The OEM battery in my 2008 Jetta SE 2.5L has been nearly fully discharged one month back (had insufficient surface charge after a prolonged use without the engine running, but leaving it idle for 20 minutes made the car start again), then worked fine for a few days afterwards (but without being subjected to much charge), but then was discharged again after only a quarter of the prior abuse (since it was probably not fully charged since the prior discharge, me underestimating the driving time it would take to bring the battery back to fuller life, plus possibly missing out on water, as I found out later).
Subsequently, on I-40 in Arizona in November, it has failed on me several times, with 7°C being the ambient temperature. In New Mexico, I added some water to it, 20ml to all cells for prophylactics, and 70ml to the nearest-plus cell to bring to meniscus, 30ml to second, none to the middle-ones, and 20ml to the nearest-minus one, but it still failed to contain much charge after some casual city driving. Subsequently, after a 12-hour drive at -4°C and a 3-hour drive at 10°C, it did let the car start two days after the last drive (yeay!), but still failed the next day afterwards (the starter would work just fine, but the voltage would drop to a level that the electronics seem to find unacceptable, so it couldn't start by itself).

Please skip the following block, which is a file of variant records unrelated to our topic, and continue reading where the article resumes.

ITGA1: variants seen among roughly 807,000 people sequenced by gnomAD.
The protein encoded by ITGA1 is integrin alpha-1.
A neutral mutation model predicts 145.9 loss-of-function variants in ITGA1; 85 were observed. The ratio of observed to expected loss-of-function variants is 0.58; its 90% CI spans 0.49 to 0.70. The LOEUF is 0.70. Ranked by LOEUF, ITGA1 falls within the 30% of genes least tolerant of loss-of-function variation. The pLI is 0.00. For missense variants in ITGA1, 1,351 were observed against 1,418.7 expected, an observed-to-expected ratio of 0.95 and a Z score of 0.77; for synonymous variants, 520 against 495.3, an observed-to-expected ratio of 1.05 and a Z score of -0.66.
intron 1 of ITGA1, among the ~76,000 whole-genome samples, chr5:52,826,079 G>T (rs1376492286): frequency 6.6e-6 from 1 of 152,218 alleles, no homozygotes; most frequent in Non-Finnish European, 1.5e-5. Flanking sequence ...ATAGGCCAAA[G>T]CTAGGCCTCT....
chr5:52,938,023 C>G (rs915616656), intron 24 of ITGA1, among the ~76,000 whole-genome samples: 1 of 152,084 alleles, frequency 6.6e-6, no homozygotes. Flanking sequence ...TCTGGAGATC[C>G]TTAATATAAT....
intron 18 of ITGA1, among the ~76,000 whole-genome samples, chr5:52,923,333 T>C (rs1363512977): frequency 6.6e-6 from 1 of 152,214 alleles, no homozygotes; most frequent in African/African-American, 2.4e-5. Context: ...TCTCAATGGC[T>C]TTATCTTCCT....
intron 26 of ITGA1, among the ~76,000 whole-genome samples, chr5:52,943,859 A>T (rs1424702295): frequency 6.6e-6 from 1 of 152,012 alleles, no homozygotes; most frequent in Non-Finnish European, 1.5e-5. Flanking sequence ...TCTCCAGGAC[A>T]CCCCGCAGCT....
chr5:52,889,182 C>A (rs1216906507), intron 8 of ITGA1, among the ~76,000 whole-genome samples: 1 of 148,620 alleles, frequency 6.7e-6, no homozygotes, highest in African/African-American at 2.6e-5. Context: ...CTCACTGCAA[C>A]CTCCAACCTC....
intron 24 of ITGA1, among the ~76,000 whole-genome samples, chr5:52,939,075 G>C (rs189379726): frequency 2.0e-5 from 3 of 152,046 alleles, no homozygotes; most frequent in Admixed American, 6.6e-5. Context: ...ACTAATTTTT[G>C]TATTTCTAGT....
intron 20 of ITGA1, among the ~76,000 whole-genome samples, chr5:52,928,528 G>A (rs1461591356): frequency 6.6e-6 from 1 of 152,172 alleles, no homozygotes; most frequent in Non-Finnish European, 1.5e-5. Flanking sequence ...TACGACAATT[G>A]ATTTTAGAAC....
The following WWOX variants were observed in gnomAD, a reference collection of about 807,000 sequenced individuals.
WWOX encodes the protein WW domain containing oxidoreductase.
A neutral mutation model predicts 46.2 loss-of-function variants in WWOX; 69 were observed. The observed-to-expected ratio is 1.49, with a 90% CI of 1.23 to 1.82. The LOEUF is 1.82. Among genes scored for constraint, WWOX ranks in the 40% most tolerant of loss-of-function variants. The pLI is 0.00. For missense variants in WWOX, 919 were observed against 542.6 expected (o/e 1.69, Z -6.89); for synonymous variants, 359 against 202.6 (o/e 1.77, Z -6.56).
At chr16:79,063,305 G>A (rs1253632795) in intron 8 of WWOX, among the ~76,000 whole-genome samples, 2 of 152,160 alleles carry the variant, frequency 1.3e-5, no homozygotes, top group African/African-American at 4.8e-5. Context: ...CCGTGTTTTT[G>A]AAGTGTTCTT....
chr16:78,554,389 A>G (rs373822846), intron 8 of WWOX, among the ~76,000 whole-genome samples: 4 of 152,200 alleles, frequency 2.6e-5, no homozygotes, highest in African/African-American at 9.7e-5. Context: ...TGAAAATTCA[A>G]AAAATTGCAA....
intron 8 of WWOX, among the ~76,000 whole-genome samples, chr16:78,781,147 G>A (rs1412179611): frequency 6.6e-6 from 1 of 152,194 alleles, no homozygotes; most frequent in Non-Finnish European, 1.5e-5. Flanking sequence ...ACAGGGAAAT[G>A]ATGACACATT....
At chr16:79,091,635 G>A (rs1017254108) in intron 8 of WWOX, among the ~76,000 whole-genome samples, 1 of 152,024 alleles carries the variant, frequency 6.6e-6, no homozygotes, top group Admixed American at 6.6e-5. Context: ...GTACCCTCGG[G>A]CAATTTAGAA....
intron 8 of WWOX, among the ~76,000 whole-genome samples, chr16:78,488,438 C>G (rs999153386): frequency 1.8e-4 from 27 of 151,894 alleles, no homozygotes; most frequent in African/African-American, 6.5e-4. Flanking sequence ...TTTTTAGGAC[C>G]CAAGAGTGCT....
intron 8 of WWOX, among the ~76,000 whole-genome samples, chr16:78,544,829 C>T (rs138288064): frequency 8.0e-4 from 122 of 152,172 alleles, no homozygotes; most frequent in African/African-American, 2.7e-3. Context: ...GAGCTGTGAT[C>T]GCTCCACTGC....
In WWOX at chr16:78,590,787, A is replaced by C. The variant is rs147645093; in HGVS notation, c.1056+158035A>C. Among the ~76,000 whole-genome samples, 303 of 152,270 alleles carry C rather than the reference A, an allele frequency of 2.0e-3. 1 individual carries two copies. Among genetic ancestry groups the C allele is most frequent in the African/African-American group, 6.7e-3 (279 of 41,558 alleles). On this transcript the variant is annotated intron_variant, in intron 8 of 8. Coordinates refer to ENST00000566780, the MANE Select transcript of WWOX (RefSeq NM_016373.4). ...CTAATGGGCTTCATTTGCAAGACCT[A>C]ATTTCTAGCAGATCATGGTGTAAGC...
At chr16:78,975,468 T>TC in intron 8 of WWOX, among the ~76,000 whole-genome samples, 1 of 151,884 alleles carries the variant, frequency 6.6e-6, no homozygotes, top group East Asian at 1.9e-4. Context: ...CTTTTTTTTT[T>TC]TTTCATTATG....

Finally, the battery has been subjected to several days of charging at a stationary smart charger, with the ambient temperature being between 8°C and 25°C. It has then been driven for a couple of short trips, then sat idle for 5 days, and read 12.1V on the fifth day of being left undisturbed, and being able to start the car just fine.
It's still working fine a few days afterwards (but without being subjected to the extra abuse). The starter is not extra quick, but there are no signs that the power drops below the level required.
Has it been resurrected? Is measuring 12.1V after 5 days of disuse at 10°C to 25°C a good indication that it has at least some 40% (source 1: 12,0V @ 25%, 12,2V @ 50%) to 50+% (source 2: 40% is 11,96V, 50% is 12,10V, 60% is 12,24V) of its original capacity available for full use?